Everywhere I turn, all I read about is dynamic languages. Apparently, there is a small yet growing contingent of programmers that think dynamic is the only way to go. These guys are frustrated with the shackles of static type systems that force them to write clean code. And apparently, there is also a small and growing contingent of media types that think “hey, there’s a buzzword I haven’t heard before, let’s use it until we wear it out.” And they have. Believe me, its paper thin and about to be ripped through like a rubber eraser pulling double duty.

 

However, I’m not here to debate the virtues of dynamic languages. Some of these languages have really cool features, but that’s beside the point. It’s the dynamism that’s at issue and for some purposes dynamism is simply the better model. When you are dynamic you don’t have to know upfront the correctness of any particular thing. You just do what feels right and let the runtime figure out the rest.

 

That’s why I’m here today advocating the next logical step. It’s not enough to simply have dynamic languages. Sure, they make some of your programming tasks a bit easier to perform, but how much time do you spend programming anyway? Most developers produce on average one line of quality code per week. It’s not that they are lazy; it’s just that the ‘coding time’ turns out to be a small fraction of the overall product cycle.

 

So as you can see, what we really need to do is to take the advancements that dynamism brings to programming languages and apply them to those other things that busy your day.

 

Dynamic Meetings – Don’t plan specific meetings with agendas.  Just show up in a meeting room at the same time everyday.  It doesn’t have to be the same room, just pick one at random. At five after the hour, go around the room and ask each person that happened to show up in the same room as you what they’d like to talk about, write it down on a whiteboard in some order and then have at it. It doesn’t matter if you don’t have enough context to have a meaningful discussion. No one is listening anyway. It’s a good meeting if someone spontaneously decided to bring donuts.

 

Dynamic Design – This works best as part of a dynamic meeting. Take notes, but not too many. You wouldn’t want to fence your ideas in too soon.  Doodling helps the creativity flow; be sure to use multiple colors. Don’t worry about getting agreement or buy-in from others, they aren’t paying attention anyway. They are working on their own ideas and drawing their own cartoon stick figures. When you think you’ve got a good concept, go away and write some code. Eventually, everyone will figure out something to do and will be busy writing code too. Don’t worry about integrating it all together. Its all just code, ones and zeros, adds, shifts and branches. The runtime knows what to do with it.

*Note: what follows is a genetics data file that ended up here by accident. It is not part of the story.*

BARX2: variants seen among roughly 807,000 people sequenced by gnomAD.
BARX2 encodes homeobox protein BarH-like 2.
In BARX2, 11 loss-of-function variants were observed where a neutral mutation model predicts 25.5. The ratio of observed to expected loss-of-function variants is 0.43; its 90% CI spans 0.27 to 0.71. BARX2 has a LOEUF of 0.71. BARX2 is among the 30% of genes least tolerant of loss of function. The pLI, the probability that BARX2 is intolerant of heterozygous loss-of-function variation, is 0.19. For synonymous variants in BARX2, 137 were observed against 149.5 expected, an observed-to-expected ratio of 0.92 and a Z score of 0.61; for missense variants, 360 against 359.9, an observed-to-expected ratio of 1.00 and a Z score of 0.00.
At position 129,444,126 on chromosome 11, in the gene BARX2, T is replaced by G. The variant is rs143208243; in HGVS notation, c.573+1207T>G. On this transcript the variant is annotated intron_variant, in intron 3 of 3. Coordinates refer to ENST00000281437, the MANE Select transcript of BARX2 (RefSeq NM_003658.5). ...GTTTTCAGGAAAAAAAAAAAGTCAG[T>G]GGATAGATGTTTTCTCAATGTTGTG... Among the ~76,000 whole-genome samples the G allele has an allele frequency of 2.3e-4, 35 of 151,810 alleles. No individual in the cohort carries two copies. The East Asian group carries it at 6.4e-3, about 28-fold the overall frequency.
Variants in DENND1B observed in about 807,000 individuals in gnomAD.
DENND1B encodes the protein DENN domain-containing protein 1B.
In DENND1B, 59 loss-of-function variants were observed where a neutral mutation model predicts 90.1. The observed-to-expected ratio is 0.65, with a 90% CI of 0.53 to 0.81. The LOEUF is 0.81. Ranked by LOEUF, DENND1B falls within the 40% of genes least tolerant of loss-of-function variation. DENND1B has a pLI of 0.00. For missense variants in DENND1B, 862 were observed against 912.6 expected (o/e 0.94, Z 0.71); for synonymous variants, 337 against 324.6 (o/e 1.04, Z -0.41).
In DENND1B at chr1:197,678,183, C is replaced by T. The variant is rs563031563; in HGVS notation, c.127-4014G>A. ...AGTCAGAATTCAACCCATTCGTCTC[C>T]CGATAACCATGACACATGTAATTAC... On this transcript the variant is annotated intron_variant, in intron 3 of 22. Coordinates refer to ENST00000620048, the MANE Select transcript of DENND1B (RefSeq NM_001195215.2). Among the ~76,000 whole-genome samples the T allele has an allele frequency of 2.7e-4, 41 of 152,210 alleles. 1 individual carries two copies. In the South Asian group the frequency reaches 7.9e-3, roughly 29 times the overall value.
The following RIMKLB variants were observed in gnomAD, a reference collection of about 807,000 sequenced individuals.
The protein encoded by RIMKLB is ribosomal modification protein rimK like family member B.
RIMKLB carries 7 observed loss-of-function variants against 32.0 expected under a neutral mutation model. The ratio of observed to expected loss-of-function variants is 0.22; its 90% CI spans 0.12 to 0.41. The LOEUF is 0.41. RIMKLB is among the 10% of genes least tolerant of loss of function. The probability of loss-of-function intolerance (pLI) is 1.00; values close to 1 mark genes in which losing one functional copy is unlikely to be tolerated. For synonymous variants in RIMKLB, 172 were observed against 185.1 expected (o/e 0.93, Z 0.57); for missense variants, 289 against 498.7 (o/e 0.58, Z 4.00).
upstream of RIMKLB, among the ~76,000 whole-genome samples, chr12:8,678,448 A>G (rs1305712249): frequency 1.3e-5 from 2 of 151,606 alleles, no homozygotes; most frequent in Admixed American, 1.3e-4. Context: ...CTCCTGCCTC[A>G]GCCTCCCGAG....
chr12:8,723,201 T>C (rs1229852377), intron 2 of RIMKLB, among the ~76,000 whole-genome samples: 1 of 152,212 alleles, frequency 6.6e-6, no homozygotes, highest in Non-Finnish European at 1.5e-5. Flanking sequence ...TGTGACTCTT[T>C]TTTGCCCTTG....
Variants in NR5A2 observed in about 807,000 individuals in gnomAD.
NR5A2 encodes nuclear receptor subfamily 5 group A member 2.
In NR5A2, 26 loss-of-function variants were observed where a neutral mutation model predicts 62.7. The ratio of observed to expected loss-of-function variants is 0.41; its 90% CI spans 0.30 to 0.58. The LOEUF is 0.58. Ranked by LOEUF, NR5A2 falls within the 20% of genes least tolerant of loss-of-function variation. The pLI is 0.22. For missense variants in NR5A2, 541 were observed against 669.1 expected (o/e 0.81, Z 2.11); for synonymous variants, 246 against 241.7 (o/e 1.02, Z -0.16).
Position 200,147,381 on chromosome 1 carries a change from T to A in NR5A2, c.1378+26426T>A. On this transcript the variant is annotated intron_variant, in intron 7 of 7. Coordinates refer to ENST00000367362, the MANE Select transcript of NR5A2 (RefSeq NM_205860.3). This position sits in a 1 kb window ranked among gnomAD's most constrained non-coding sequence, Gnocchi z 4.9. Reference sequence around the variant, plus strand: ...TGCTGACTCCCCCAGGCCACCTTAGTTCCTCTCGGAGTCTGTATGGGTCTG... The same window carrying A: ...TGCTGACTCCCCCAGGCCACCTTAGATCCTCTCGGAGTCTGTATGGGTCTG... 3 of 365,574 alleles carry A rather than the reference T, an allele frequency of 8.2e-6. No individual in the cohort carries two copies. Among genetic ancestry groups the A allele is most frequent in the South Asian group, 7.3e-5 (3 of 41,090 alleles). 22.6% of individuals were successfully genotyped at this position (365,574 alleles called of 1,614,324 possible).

Dynamic Testing – Don’t make a plan. Don’t do code coverage, write unit tests or abide by any particular testing methodology. Let the runtime do it for you. Just load the program in ‘Test Mode’ and execute. The runtime will proceed to apply a series of random tire-kicking algorithms that will give the dynamic code a good workout.  Believe me; you couldn’t have planned it anyway. With dynamic code you’re never quite sure what it does until you run it.

 

Dynamic Debugging – Yes, even dynamic programs will have bugs, though you might not ever know for sure. If you think the code is acting flaky, you may want to do something to fix it. It will probably mean looking at the code or some facsimile of it in some tool that will help you understand it. The old-school way would have been to use a debugger, set some breakpoints and walk through it, observing the behavior, looking at variables, etc. But that would require too much static knowledge about the code, things like specific variables, types, and ‘lines’. Since we’ve done away with these antiquated notions we’ll need a new style debugger that will help us deduce the problem without actually using any particular facts, a precognition engine if you will that uses advanced artificial intelligence techniques to divine the future. It’s either that or printing out text.

 

You see, if we take dynamism just one step further, we can vastly simplify the work we do now, by offsetting the part about doing a good job and getting it right until sometime later when hopefully we've moved on to another project.

 

But I digress

 

Matt